Gibraltar 10. September 1806.
I have the honor to inform you of my arrival at this place on the 6th. instant in thirty three days from Norfolk. We were boarded previous to our entering the Straits by the Iris frigate and Termagant Sloop of War, and treated very politely.
Lord St. Vincent with ten sail of the line and four thousand troops has arrived in the Tagus. His mission is not known, but it is generally supposed he will take possession of whatever naval force Portugal possesses and proceed from thence to Brazils.
The boats that visited us from the Termagant Sloop of War and a Gun Brig off Gibraltar, had each of them an impressed American; in the former Edward Swaine from near City Point on James River, the other Charles Bucknal of Norfolk, both known to the Captain and people of our vessel. Very little doubt however exists in my mind of the speedy liberation of all our Seamen in the British service. England now stands alone in the war; the hurry in which the Russians have made peace, while it surprises Great Britain seems also to have struck her with a due portion of the panic which the french Emperor Bonaparte has produced throughout all Europe— their hopes rest entirely on a speedy peace, and the longer it is protracted, the more dishonourable to England will be the terms.
There is no late news from any part of Barbary; it seems however that we are well for the present in all quarters of the Coast and I trust we shall continue so as these seas are filled with american vessels— twelve sail of merchantmen were lying in the Roads the day I arrived.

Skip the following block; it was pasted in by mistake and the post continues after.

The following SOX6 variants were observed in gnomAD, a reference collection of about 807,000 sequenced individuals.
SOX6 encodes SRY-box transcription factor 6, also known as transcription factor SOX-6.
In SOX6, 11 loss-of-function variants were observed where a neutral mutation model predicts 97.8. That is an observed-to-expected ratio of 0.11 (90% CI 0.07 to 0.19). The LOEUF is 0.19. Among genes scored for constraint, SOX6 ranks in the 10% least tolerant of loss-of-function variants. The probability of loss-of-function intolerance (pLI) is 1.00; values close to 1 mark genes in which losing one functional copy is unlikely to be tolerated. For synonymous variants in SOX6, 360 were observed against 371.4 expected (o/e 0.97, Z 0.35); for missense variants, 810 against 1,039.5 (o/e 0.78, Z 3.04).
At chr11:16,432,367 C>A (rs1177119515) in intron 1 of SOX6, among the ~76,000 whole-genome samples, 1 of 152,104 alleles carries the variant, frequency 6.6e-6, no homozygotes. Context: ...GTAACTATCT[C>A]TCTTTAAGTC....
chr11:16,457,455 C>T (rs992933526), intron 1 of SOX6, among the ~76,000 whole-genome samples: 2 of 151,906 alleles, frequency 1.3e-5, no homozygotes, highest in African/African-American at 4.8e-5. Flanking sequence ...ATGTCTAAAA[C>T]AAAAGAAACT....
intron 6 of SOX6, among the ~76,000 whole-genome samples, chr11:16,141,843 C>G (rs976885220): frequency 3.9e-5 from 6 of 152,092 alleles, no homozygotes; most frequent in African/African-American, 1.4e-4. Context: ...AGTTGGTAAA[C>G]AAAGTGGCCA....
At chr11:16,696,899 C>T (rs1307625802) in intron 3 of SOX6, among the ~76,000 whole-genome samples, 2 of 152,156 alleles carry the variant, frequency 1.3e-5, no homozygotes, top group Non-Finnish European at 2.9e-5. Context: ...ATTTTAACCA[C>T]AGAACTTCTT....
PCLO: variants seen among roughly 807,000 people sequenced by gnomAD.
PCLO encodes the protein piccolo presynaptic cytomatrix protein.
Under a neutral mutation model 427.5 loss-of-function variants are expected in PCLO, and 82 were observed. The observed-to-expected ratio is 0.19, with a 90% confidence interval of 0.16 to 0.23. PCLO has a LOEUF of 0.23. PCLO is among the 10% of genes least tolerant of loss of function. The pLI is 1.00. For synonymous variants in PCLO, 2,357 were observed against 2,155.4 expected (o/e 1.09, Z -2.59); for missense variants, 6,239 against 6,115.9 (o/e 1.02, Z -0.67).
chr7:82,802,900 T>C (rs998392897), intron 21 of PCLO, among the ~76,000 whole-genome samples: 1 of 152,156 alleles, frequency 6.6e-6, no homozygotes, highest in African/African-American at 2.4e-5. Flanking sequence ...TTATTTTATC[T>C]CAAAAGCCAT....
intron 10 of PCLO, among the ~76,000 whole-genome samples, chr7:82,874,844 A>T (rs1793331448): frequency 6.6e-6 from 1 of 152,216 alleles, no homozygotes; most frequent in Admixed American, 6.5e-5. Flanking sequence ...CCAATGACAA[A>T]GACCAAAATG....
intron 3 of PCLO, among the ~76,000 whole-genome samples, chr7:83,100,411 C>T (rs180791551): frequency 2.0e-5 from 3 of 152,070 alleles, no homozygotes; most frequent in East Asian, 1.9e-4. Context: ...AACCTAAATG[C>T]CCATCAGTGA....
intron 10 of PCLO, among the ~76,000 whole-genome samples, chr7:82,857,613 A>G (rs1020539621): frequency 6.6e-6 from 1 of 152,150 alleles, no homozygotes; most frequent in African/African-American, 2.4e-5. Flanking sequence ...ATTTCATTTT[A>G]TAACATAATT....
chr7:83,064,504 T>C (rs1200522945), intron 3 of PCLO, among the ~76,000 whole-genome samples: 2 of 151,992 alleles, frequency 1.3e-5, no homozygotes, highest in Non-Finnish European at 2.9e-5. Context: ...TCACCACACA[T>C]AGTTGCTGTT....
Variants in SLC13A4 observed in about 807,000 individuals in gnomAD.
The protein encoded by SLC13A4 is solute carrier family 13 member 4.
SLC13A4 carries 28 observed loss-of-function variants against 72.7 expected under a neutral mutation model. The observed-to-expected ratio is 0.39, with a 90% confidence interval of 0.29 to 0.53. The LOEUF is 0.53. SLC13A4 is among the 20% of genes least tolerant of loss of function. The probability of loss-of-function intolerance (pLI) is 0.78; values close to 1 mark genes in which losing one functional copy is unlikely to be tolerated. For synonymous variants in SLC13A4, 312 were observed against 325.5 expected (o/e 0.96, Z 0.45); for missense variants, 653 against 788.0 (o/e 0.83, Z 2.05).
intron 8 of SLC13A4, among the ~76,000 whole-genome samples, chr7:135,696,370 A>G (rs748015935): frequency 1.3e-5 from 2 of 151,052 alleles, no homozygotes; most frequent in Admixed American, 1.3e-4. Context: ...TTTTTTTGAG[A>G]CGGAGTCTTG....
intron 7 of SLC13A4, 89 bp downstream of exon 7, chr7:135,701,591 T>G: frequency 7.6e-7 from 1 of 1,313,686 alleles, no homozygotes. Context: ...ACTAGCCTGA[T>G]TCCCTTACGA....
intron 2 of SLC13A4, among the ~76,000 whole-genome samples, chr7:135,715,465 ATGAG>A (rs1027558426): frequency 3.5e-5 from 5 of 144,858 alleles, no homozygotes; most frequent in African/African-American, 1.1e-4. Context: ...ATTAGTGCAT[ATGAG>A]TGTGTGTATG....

The Portuguese have captured five sail of Barbary cruizers, one Algerine, (the Schooner presented to the Dey by the United States) on board of which⟨h⟩ were forty of their own people, two Tunisians and two Tripolitans one of whom was Admiral Lisle.
Most of the Cruizers of the Emperor of Morocco are out; and during the winter have captured five Greeks with grain from the Black Sea sailing under the Russian passport.
The Emperor very recently wrote to Hamet of this place wishing to know whether the U States could not furnish him with a sufficient quantity of timber, Spar⟨s⟩ &ca. for constructing a frigate, the quality of our wood, &ca. Hamet is a respectable, and very wealthy merchant; it is hi⟨s⟩ opinion that a demand of this kind will be made.
The honorable the Secretary of the Navy was kind enough to favor me with an order to the officer commanding the United States naval force on this Station, to place me at Tripoli, if no objection of importance should present itself to him. There is no American vessel of war here nor any probability of seeing one for some time; Tripoli has no commercial intercourse with any part of Europe, consequently a vessel must be procured for the express purpose of taking me there, or I must remain until one of our Ships can accomodate me. My expenses here are seven hundred and fifty dollars; five hundred passage money for myself, wife, secretary and servant, and two hundred and fifty Cabin supplies; and in pursuing the voyage I must calculate on its being in an increased ratio.
To proceed without delay, will, I presume, be fulfilling the expectations and orders of my Government, and, the extraordinary expenses thereby incurred, they certainly cannot refuse to admit as a just public charge; as neither the emoluments of my office, nor private fortune will allow me to support them. I have the honor to be With high respect Your Obt. servt.
DNA: RG 59—CD—Consular Despatches, Tripoli.